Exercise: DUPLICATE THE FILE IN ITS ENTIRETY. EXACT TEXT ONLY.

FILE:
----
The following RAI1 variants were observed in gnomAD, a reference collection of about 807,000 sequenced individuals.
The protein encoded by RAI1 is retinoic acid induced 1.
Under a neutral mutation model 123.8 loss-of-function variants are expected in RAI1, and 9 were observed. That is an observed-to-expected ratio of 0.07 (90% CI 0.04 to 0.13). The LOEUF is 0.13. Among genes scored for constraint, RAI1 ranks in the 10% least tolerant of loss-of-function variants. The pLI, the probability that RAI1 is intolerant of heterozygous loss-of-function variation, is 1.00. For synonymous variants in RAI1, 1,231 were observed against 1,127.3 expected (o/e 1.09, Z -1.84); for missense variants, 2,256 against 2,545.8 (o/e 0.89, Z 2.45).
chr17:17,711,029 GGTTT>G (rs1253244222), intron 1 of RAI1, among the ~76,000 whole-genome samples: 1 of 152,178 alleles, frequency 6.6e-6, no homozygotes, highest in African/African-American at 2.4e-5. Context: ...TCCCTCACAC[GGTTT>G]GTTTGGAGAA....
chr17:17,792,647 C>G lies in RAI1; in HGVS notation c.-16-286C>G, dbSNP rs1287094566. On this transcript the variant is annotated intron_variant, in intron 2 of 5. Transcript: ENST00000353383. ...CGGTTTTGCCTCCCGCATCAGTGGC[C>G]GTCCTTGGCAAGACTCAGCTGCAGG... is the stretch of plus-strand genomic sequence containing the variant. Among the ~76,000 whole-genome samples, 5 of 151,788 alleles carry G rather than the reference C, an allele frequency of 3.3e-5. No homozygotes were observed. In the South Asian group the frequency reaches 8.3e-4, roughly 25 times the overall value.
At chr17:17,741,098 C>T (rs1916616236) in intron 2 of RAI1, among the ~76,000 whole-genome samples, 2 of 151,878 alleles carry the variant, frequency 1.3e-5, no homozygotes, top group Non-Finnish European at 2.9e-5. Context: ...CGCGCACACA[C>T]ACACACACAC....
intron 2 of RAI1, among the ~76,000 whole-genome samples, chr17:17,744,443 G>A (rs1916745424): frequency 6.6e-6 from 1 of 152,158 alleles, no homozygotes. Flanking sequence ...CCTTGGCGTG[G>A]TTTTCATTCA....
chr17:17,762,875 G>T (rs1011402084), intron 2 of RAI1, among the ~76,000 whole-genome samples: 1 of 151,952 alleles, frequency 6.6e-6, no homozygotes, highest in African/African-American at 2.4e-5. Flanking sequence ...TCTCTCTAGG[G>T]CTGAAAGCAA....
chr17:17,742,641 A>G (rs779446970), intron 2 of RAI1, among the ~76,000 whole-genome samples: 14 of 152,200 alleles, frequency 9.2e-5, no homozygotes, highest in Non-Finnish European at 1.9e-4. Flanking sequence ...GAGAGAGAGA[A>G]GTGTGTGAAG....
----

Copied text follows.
The following RAI1 variants were observed in gnomAD, a reference collection of about 807,000 sequenced individuals.
The protein encoded by RAI1 is retinoic acid induced 1.
Under a neutral mutation model 123.8 loss-of-function variants are expected in RAI1, and 9 were observed. That is an observed-to-expected ratio of 0.07 (90% CI 0.04 to 0.13). The LOEUF is 0.13. Among genes scored for constraint, RAI1 ranks in the 10% least tolerant of loss-of-function variants. The pLI, the probability that RAI1 is intolerant of heterozygous loss-of-function variation, is 1.00. For synonymous variants in RAI1, 1,231 were observed against 1,127.3 expected (o/e 1.09, Z -1.84); for missense variants, 2,256 against 2,545.8 (o/e 0.89, Z 2.45).
chr17:17,711,029 GGTTT>G (rs1253244222), intron 1 of RAI1, among the ~76,000 whole-genome samples: 1 of 152,178 alleles, frequency 6.6e-6, no homozygotes, highest in African/African-American at 2.4e-5. Context: ...TCCCTCACAC[GGTTT>G]GTTTGGAGAA....
chr17:17,792,647 C>G lies in RAI1; in HGVS notation c.-16-286C>G, dbSNP rs1287094566. On this transcript the variant is annotated intron_variant, in intron 2 of 5. Transcript: ENST00000353383. ...CGGTTTTGCCTCCCGCATCAGTGGC[C>G]GTCCTTGGCAAGACTCAGCTGCAGG... is the stretch of plus-strand genomic sequence containing the variant. Among the ~76,000 whole-genome samples, 5 of 151,788 alleles carry G rather than the reference C, an allele frequency of 3.3e-5. No homozygotes were observed. In the South Asian group the frequency reaches 8.3e-4, roughly 25 times the overall value.
At chr17:17,741,098 C>T (rs1916616236) in intron 2 of RAI1, among the ~76,000 whole-genome samples, 2 of 151,878 alleles carry the variant, frequency 1.3e-5, no homozygotes, top group Non-Finnish European at 2.9e-5. Context: ...CGCGCACACA[C>T]ACACACACAC....
intron 2 of RAI1, among the ~76,000 whole-genome samples, chr17:17,744,443 G>A (rs1916745424): frequency 6.6e-6 from 1 of 152,158 alleles, no homozygotes. Flanking sequence ...CCTTGGCGTG[G>A]TTTTCATTCA....
chr17:17,762,875 G>T (rs1011402084), intron 2 of RAI1, among the ~76,000 whole-genome samples: 1 of 151,952 alleles, frequency 6.6e-6, no homozygotes, highest in African/African-American at 2.4e-5. Flanking sequence ...TCTCTCTAGG[G>T]CTGAAAGCAA....
chr17:17,742,641 A>G (rs779446970), intron 2 of RAI1, among the ~76,000 whole-genome samples: 14 of 152,200 alleles, frequency 9.2e-5, no homozygotes, highest in Non-Finnish European at 1.9e-4. Flanking sequence ...GAGAGAGAGA[A>G]GTGTGTGAAG....